But how does it feel? It’s a strange but exciting feeling being in the driver’s seat and watching the steering wheel move! The words ‘hands-free’ spring to mind. As part of the trial, I was asked to rate my feeling of trust towards the vehicle in a variety of different driving scenarios, for example when overtaking a stationary vehicle. All my ratings were higher than an eight out of ten because I felt very comfortable in the vehicle at all times. I think the best way I could describe my experience of being inside the Wildcat is: it’s just like jumping on any rollercoaster ride, there’s no driver and you don’t know what to expect, but you know it’s going to be safe and exciting.

At the start of August, the Wildcat, Twizy and Pod were all taken down to Millennium Square in the city centre of Bristol, as part of At-Bristol’s Festival of What if? . This was to see how the general public interact with AV on a wider scale. A large part of the square was coned off, allowing a safe space for the pod to drive in a figure-of-eight loop and allowing curious participants to take a ride.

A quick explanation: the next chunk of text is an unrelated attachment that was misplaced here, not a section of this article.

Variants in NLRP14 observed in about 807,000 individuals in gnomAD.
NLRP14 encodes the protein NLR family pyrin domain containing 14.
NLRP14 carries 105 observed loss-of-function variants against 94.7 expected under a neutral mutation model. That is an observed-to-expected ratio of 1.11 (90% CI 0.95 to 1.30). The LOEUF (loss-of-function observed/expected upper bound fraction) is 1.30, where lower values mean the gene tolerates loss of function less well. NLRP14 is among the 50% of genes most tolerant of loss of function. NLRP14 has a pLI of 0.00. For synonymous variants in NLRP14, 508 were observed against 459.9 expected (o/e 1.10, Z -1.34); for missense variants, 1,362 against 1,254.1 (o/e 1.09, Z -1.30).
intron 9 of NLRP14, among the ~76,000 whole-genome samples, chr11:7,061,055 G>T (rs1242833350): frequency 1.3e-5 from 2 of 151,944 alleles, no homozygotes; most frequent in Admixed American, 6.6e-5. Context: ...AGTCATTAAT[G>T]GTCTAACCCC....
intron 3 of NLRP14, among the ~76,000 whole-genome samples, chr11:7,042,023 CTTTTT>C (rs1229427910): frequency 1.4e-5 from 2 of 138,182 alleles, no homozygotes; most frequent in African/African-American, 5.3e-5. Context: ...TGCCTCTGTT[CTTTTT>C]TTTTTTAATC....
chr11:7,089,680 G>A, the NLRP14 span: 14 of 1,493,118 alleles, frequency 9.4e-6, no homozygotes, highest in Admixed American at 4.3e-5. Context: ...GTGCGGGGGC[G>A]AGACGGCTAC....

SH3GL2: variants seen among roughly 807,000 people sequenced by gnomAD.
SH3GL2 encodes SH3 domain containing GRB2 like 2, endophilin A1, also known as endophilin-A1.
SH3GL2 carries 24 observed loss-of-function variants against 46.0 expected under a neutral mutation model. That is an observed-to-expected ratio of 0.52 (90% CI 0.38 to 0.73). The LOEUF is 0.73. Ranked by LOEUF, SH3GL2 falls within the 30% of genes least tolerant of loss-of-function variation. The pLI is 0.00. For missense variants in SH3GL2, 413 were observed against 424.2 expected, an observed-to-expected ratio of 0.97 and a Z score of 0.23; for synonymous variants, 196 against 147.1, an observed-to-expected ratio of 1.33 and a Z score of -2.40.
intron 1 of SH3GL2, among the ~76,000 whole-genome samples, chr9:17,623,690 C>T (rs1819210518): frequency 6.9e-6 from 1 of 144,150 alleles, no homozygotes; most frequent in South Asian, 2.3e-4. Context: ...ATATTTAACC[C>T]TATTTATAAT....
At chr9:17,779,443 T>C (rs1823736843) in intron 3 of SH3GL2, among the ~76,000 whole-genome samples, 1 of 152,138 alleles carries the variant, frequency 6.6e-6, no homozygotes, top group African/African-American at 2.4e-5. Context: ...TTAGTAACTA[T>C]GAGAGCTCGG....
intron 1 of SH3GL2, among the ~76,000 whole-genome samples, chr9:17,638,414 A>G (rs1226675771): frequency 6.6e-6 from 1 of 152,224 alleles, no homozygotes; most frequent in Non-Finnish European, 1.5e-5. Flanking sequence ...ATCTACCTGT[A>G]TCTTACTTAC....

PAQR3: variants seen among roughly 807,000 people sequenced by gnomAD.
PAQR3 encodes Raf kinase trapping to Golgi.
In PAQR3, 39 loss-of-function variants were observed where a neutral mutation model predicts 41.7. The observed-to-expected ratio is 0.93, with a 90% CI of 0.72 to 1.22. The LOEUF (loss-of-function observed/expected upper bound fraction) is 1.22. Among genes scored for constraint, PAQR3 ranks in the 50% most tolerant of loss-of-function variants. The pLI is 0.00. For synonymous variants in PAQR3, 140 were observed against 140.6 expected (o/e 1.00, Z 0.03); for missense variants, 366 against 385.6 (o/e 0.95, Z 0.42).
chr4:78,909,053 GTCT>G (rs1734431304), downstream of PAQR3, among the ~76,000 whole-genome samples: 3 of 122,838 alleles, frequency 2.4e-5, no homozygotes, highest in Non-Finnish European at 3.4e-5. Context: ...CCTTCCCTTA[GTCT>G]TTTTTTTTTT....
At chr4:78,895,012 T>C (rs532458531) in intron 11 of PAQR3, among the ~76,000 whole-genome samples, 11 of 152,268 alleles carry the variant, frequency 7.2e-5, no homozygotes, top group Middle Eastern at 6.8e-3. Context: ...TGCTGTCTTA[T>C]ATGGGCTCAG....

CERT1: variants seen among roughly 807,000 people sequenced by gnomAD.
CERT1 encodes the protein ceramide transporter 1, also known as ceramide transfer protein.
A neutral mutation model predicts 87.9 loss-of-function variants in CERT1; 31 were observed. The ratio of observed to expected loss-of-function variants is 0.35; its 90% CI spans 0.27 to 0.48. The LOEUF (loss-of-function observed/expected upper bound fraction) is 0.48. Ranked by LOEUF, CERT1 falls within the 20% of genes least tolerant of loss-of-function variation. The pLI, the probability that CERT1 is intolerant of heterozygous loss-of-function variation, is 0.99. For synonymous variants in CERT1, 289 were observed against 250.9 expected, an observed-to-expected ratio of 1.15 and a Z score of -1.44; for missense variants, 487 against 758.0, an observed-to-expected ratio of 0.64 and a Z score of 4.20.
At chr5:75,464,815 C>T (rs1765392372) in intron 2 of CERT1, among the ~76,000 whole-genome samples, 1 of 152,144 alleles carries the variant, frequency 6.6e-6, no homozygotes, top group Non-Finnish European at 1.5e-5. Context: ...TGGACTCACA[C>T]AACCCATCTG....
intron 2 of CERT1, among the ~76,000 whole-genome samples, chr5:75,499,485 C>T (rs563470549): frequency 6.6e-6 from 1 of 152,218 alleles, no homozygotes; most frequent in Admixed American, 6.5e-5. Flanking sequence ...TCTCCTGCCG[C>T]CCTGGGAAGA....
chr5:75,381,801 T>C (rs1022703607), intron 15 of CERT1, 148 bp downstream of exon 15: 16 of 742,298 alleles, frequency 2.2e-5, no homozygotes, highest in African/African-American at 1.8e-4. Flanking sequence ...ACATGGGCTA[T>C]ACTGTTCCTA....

Three of these participants were my parents and my brother, who were able to experience what it’s like to ride in an autonomous vehicle. Even my brother, who is a man of few words, said “that was pretty good” as he came out of the pod! My parents loved the experience, even though they felt a bit hesitant beforehand and had a few questions about it. My Dad even suggested that you could maybe improve people’s trust/confidence in the pod by installing a screen for passengers to watch where the vehicle is going, much like those in cars that have a re-view camera for parking. It’s aspects like this that should be considered when designing transport systems for the future.

Watching other members of the public see these driverless vehicles in a public setting was truly fascinating. Most people I spoke to seemed to love the idea of self-driving cars, especially after a long day of work or for short trips around town. I personally think that they’re pretty cool and rather exciting! It might take a while for more people to warm up to the idea, but I guess it all comes down to trust; and I for one trust them completely.